A cross-sectional study looked at the effect of lead exposure on reticulocyte count indices in 391 male workers from lead battery manufacturing plants. Blood lead levels were measured using an Atomic absorption spectrophotometer. The reticulocyte count (%) was estimated by using the supravital staining method. The hematocrit was measured using an ABX Micros ES-60 hematology analyzer. Statistical method included spearmen correlation and linear multiple regression analysis, with significant regression coefficient β when p-value was less than 0.05. There was a significant and positive association between blood lead levels and reticulocyte count indices, with reticulocyte count (β = 0.212, P < 0.001), absolute reticulocyte count (β = 0.217, P < 0.001), reticulocyte index (β = 0.194, P < 0.001), and reticulocyte production index (β = 0.208, P < 0.001). The study concluded that lead exposure may cause an increase of reticulocyte count indices.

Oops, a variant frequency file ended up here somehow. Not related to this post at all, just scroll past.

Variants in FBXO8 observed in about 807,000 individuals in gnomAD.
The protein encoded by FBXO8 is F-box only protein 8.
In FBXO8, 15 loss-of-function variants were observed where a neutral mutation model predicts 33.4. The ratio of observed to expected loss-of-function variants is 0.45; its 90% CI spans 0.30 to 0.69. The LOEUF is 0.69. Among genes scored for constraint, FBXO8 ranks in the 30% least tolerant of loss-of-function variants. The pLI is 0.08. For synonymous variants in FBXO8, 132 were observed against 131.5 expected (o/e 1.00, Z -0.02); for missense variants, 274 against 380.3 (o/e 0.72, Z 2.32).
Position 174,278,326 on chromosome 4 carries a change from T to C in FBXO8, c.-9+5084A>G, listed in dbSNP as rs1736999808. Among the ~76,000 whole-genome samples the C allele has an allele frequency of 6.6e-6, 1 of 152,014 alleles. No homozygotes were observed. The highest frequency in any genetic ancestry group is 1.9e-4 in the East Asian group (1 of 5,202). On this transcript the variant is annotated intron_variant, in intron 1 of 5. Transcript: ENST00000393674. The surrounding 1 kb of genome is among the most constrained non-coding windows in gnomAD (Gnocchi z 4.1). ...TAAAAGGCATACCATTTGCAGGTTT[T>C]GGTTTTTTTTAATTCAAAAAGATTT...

References: 2
Study Additional 2
This study evaluated the role of reticulocyte maturation fractions and bone marrow reticulocyte in anemia classification. A total of 243 patients with aplastic, nutritional, and infiltrative anemias and anemia due to excess destruction and blood loss had bone marrow examination for morphologic diagnosis and reticulocyte evaluation. The absolute reticulocyte count and reticulocyte maturation fractions showed significant difference among marrow infiltration, aplastic anemia, and hemolytic anemia. Aplastic patients had lowest absolute reticulocyte count and reticulocyte maturation fractions. The study concluded that automated reticulocyte count with maturation fractions may classify anemias.
References: 3
Study Additional 3